GE2015: How train breakdowns can swing the election - Alvinology

GE2015: How train breakdowns can swing the election


Picture via Winston Foo on Twitter.

Three more days to Polling Day and the North-East Line experienced a delay this morning. Bad timing, but good thing it isn’t too major to cause a severe disruption to the morning commuters.

SBS Transit posted a tweet about the delay this morning, attributing it to a signalling fault at Sengkang station. At 7.19am, commuters were told to expect additional travelling time of about 10 minutes. About 20 minutes later, it tweeted that free bus rides were available between Punggol and Farrer Park stations. By 7.54am, train service were said to have been resumed, but free buses were still running between the two stations.

One of my colleagues was late for work today because of the delay and shared some posts on migme:



People seems to be more calm about train delays and breakdowns these days. When I asked in office who else experienced this, everyone was pretty chill about it and just take it that it’s something that happens – just like breathing air.

In other words, we have come to accept the imperfection in our transport system until infrastructural improvements take place.

This was not the case earlier when Singapore experienced the worst train breakdown to date on July 7. Services on the North-South and East-West Lines came to a complete halt for several hours during the evening peak hours, affecting over 250,000 commuters.

Singaporeans were more measured and calm when dealing with the breakdown compared to earlier instances, helping each other, sharing taxis and queuing orderly to get home safely.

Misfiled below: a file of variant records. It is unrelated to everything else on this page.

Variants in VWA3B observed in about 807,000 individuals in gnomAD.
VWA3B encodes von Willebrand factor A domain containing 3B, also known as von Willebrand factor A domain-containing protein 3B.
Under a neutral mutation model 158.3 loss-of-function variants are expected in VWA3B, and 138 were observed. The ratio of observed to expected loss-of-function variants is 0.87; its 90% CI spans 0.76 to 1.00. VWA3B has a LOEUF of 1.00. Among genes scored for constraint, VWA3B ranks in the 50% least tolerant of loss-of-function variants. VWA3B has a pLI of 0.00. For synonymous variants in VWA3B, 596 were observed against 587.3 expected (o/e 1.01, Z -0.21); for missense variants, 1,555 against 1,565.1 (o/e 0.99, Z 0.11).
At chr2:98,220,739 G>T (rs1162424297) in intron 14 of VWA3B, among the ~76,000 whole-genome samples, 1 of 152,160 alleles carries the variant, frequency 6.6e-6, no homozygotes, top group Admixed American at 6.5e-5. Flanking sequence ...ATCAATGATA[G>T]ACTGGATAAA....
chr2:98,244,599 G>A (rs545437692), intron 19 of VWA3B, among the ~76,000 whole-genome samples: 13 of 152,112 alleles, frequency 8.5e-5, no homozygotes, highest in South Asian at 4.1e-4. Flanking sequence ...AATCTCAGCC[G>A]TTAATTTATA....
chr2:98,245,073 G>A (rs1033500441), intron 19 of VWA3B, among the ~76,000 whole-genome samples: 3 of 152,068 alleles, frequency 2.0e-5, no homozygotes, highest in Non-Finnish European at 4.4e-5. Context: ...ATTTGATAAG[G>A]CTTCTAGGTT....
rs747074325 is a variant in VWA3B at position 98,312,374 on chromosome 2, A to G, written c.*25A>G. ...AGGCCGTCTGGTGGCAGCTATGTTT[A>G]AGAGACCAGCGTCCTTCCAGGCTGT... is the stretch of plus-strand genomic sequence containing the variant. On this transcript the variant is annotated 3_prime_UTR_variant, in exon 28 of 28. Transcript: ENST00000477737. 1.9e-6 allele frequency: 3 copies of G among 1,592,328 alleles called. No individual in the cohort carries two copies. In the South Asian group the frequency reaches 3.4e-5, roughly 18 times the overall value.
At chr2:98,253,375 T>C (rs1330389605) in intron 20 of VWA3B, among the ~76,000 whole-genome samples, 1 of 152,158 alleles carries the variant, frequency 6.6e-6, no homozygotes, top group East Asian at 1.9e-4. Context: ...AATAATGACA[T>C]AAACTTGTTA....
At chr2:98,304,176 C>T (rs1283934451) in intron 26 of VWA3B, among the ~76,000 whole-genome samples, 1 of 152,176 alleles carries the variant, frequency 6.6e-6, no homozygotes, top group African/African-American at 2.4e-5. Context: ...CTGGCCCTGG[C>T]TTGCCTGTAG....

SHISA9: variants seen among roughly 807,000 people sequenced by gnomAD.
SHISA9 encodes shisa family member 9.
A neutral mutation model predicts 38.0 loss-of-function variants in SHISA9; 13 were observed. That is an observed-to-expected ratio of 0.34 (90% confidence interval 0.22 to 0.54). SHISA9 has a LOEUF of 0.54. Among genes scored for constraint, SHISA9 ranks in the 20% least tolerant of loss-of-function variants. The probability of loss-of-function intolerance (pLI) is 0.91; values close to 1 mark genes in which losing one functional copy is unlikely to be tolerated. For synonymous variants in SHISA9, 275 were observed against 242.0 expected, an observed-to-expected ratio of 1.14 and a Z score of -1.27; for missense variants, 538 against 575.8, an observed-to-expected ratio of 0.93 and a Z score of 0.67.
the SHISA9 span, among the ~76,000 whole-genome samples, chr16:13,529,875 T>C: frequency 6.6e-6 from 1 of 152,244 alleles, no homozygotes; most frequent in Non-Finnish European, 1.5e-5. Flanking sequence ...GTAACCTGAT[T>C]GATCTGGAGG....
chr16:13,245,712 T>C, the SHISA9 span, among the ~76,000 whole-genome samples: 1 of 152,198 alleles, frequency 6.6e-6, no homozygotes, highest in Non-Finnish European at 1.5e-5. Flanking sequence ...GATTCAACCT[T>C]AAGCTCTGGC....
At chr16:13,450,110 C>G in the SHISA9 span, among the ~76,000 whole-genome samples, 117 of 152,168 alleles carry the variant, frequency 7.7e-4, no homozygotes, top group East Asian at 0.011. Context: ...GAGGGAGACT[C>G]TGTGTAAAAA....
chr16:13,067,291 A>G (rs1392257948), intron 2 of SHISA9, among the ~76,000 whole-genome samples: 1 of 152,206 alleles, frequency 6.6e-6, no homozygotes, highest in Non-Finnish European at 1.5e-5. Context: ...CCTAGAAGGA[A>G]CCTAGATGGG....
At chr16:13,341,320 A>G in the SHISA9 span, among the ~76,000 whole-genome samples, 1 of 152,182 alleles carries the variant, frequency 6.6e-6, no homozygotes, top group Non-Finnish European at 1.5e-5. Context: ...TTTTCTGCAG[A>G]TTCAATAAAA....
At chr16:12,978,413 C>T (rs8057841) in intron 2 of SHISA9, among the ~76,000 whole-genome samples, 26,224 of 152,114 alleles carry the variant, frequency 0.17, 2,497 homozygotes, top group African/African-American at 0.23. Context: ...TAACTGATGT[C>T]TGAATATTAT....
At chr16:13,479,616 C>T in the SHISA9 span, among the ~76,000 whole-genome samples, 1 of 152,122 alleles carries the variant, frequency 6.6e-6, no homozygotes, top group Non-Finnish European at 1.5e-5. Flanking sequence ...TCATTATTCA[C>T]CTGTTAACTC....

However, people were angry. There were calls for SMRT’s CEO, Desmond Kuek and Transport Minister Lui Tuck Yew to step down. Lui really did step down and exited from politics just before Ge2015.

Although Lui did not attribute his resignation to public anger over transport woes, it is crystal clear to all Singaporeans that two transport ministers have been sacrificed – Lui Tuck Yew and the guy before him, Raymond Lim who was axed right after GE2011.

It doesn’t help that SMRT CEO Desmond Kuek took home a record S$2.25 million in remuneration in 2014. The amount is double what he made when he first joined the rail operator in October 2012 and dwarfed that of his predecessor, Saw Phaik Hwa and his counterpart, Kua Hong Pak, ComfortDelGro’s CEO.

Last year, Kua drew between $1.75 million and $2 million, a remuneration band that has not changed in recent years. Saw Phaik Hwa, made about $1.85 million before she left in 2012.

Yes I know Kuek is compensated based on the commercial performances of SMRT, however, to the public, we see SMRT as a public transportation company which enjoys many benefits from the government. This is where commercial interests and public goods fail to align.

Every time the trains breakdown, Singaporeans are reminded of sore points like this all over again. Let’s not even go down the road on fare hikes and a Public Transport Council which seems to be on the side of the operators rather than the commuters.

Obviously, simmering anger over transport woes like train breakdowns matter.

Imagine if the train delay this morning was a full-blown breakdown like the one in July. Or if there is a train breakdown on Cooling Off Day or Polling Day.

Voters are emotional creatures. A badly timed train breakdown can just swing sentiments away from the incumbent.

Scary isn’t it?

It’s now on the shoulders of SBS Transit, SMRT and it’s CEO, Desmond Kuek to make sure trains run smoothly all the way till Polling Day.

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